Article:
Let's talk about Louise Thompson's new book, 'Body Positive' (ahem)
Have you heard the news about Louise Thompson? The Made in Chelsea alum is releasing a book, Body Positive, to hit shelves in May of next year. It will include, allegedly, diet and fitness advice, as well as insights on how she learned to feel positive about her white, thin, conventionally good-looking body. Riiiiiight. Here's the cover.
This is not an attack on Louise Thompson as a person
To get one thing out of the way – insofar as one can like someone one doesn't know personally, I like Louise Thompson. I liked her on Made in Chelsea when she got royally screwed over by Spencer and was really normal (read: upset) about it. I liked her Women's Health cover and interview, where she talked a bit about her workouts and how she feels about her body (understandably, she feels pretty good about it). I like her on Instagram Stories, where she's kind of cute and goofy and seems to love taking the piss out of her PT boyfriend, Ryan Libbey. I like her collaboration with Fabletics, which isn't really a collaboration because she hasn't designed anything, but I like her and I like Fabletics, so that might be why I like it.
This is an attack on Louise Thompson as a body positive activist
All of that being said, I have never considered Louise Thompson a "body positive" activist. I have never once associated her with the body positive movement, nor recognised anything in her content that could remotely be construed as body positive. Not once.
Now, before we get all high and mighty about movements excluding thin women – "thin women can be positive about their bodies too!" – let's get one thing straight; the body positive movement is not about "being positive about our bodies". It is about making a safe space for bodies that are not currently represented positively in our society or culture. It's about fat bodies, bodies with disabilities, people of colour and their bodies.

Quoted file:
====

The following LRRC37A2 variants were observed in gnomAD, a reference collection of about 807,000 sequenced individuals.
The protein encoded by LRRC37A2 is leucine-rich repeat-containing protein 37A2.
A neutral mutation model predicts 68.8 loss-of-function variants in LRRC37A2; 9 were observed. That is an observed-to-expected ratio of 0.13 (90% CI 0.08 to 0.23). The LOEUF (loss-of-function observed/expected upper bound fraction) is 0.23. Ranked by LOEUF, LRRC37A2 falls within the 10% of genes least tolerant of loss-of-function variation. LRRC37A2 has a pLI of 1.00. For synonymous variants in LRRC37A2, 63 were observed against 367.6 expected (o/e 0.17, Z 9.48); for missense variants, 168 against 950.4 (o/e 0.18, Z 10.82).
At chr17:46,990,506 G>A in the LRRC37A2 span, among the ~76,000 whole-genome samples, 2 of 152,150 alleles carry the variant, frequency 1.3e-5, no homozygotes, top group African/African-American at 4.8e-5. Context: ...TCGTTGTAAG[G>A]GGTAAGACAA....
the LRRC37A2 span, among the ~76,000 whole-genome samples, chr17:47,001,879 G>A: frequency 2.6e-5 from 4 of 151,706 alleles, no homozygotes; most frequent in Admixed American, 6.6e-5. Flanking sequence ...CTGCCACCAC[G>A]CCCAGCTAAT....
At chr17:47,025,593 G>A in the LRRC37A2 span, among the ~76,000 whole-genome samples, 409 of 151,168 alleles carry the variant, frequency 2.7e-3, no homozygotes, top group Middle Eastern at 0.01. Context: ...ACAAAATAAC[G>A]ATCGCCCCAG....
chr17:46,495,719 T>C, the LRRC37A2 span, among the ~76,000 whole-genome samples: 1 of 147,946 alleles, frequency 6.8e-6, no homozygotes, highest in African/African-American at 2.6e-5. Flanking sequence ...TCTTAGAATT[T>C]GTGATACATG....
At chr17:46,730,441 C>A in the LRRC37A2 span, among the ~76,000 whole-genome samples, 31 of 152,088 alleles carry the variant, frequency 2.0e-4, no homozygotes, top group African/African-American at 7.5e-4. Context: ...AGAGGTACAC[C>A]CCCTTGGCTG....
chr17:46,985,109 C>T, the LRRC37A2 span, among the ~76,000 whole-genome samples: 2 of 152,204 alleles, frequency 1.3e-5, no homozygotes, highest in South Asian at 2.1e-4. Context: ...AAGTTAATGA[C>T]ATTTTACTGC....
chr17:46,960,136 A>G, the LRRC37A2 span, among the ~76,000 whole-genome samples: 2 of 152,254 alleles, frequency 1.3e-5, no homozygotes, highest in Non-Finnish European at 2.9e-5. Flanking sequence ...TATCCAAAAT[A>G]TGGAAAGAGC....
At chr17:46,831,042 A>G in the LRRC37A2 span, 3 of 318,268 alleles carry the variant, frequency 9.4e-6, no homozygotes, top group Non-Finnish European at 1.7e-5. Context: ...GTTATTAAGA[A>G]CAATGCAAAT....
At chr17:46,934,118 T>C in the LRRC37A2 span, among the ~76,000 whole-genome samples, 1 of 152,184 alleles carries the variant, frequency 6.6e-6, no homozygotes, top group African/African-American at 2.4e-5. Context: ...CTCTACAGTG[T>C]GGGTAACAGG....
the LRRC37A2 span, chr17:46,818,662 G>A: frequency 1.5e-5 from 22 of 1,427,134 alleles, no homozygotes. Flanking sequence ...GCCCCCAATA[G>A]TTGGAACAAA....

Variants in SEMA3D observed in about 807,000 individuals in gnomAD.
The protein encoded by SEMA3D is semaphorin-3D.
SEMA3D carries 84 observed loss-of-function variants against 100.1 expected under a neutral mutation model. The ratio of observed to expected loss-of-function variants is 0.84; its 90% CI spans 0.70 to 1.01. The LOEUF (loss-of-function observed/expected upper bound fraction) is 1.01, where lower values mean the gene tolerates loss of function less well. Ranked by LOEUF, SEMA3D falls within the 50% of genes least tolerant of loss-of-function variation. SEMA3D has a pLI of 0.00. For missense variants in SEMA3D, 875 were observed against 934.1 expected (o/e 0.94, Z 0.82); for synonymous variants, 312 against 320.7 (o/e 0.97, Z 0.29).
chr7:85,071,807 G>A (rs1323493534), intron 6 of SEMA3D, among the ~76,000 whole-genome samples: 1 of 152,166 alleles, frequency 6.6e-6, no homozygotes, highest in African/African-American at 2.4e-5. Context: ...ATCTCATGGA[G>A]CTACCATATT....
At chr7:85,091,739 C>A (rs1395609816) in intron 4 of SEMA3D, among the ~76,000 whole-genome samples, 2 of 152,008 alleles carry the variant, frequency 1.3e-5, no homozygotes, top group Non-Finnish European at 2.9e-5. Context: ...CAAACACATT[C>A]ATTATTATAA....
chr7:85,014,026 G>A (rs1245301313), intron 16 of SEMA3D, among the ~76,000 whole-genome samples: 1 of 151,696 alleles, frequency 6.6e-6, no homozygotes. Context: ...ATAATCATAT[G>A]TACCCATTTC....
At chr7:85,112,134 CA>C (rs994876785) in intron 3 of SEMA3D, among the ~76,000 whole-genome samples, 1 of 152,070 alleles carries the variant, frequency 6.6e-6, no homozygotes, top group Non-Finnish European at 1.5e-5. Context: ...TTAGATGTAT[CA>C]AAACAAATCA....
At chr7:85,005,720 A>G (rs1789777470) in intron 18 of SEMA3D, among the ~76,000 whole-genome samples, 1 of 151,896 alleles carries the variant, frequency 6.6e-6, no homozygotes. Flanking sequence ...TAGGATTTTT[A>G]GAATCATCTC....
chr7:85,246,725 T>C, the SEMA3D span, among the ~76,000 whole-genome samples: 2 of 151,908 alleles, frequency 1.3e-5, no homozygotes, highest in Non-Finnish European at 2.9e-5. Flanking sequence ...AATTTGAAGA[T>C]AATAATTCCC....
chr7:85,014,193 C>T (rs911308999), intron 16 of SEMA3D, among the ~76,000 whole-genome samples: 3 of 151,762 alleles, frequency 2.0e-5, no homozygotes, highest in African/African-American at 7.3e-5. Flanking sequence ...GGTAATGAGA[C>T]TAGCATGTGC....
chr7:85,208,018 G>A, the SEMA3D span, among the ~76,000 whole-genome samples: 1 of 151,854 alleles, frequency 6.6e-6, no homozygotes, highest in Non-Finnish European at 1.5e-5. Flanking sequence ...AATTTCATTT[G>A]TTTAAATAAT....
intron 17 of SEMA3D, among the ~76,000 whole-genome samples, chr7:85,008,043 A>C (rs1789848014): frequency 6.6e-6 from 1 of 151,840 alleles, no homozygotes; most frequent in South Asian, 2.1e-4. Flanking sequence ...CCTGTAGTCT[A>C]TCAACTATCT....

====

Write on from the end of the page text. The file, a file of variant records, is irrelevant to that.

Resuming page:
Thin, white, conventionally good-looking women do not need the body positivity movement – and, by that same token, when a thin, white, conventionally good-looking woman like Louise Thompson uses the body positivity movement to sell things, it's right and just that she be pulled up on it. (That's a link to a Metro UK article about how bloggers aren't happy with Louise Thompson's new book, and though I don't love the headline – it implies a kind of bitchy begrudgery that simply isn't the case here, as these criticisms are legitimate – the quotes, from actual body positive activists, are important and worth reading.)
The fact that Louise Thompson is using the term "body positive" as a selling point for a book that is, essentially, a paperback embodiment of diet culture, is galling to the hundreds and thousands of women who have worked tirelessly to promote body positivity and fat acceptance – dieting is not body positive. There's a really interesting article here about why and how body positivity and weight loss cannot exist harmoniously; weight loss is not body positive.
I'm aware that I, myself, am somewhat outside of the body positivity movement, even though it's something that I feel really strongly, and love reading, about (note: Rebecca's not on Snapchat anymore, essentially because being a body positive activist is fucking hard work, and exhausting, and from what I could tell, she was constantly having to argue with people who claimed that fat people are not worthy of respect or love unless they are willing to lose weight) – because I am a white, able-bodied human who fits into high-street clothing. That being said, I can fully support and endorse the body positivity movement, while also recognising that my privilege means, as a movement, it's not explicitly for me.
The message of the BoPo movement is not that "all bodies are beautiful"; instead, it is that "our bodies are beautiful too", specifically geared towards women who are excluded, disrespected and belittled by mainstream media, diet culture and ideals of beauty. And, unless Louise Thompson has some secret past where she, for a good few years, identified with that concept, she frankly has no business aligning herself with the movement.
The good news? It's not out until May – so she has plenty of time to rename it. Wouldn't it be so refreshing if, instead of shouting "SJWs want to ruin everything!" someone with real power to do good recognised that, in fact, SJWs (social justice warriors) are speaking in the interests of the powerless, who could potentially be hurt by the actions of the powerful? Is there really any harm in trying to be kind and considerate and listening to the disenfranchised when they call you out for co-opting their movement? Answers on a postcard...
*This post contains a Fabletics “refer a friend” link. If you click through and buy, I’ll get a £10 credit for the site.